Poultry Science 11/1998; 77(10):1478-80. · 1.52 Impact Factor
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    ABSTRACT: Two lines of White Leghorns that had undergone long-term selection for high (HH) or low (LL) antibody response to sheep red blood cell antigen(s) formed the nuclear lines for this experiment. Matings were made in a full diallel cross to produce in a single hatch from age-contemporary breeders the parental lines, reciprocal F1 and F2 crosses, and backcrosses for 16 progeny types. For males and females, there were parental line differences in BW to 42 d of age, after which there was decline between lines for males. Differences in BW between reciprocal F1 crosses and maternal heterosis declined with age, primarily reflecting dissipation of effects of egg weight. Heterosis of BW was dependent on the particular F1 cross and recombination effects were not important. At 50 d of age chicks were inoculated with either a 1 or 10% suspension of spleen extract from chickens infected with marble spleen disease virus (MSDV). A third group served as uninjected controls. Response to MSDV was evaluated by spleen weight 6 d after inoculation. Spleen weights relative to BW of control chicks were heavier for the HH than LL line with evidence from the crosses of sexlinkage and negative heterosis. Line LL chicks were more resistant to MSDV than Line HH chicks was F1 crosses intermediate to and different from either parental line with no evidence of heterosis.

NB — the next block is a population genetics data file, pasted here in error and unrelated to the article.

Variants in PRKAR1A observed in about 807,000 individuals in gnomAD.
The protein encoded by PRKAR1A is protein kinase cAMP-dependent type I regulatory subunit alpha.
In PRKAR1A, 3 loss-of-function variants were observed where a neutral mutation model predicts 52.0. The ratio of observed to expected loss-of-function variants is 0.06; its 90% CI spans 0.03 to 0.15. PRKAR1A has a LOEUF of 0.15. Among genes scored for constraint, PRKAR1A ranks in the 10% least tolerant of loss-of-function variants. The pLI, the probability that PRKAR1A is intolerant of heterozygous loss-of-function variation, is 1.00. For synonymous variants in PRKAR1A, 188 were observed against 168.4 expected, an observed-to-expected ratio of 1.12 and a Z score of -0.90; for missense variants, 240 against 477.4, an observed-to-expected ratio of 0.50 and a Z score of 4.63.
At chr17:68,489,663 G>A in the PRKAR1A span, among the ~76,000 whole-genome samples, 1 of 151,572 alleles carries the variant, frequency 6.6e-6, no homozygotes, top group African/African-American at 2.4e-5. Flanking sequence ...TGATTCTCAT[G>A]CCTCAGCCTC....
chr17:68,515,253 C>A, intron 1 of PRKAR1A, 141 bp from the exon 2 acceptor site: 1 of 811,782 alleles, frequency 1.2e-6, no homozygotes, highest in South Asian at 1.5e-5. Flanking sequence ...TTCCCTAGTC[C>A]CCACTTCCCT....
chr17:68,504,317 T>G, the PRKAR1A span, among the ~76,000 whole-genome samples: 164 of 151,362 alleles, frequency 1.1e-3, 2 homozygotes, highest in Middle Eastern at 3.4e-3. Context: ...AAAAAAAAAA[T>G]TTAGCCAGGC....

Poultry Science 09/1998; 77(8):1073-80. · 1.52 Impact Factor
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    ABSTRACT: The nuclear lines for this experiment were White Leghorns that had undergone long-term selection for high (HH) or low (LL) antibody response to sheep red blood cell antigen(s). Sixteen progeny types consisting of parental lines, reciprocal F1 and F2 crosses, and backcrosses were produced in a single hatch from age-contemporary parents. At 30 d of age, blood was obtained from a random sample of 10 males per progeny type (n = 160) and slides prepared for subsequent determination of number of heterophils and lymphocytes. Twelve days later, blood was collected from random samples of 10 males and 10 females per progeny type (n = 320) for measuring hematocrits. There were no differences between parental lines for heterophils, lymphocytes, or the heterophil:lymphocyte ratio. Reciprocal effects were evident in the F1 crosses and directional heterosis was present in one cross but not the other. Neither maternal heterosis nor recombination effects were significant for either heterophils or lymphocytes. Although hematocrits were similar for males and females and parental lines, sex-linked and recombination effects appeared to be important.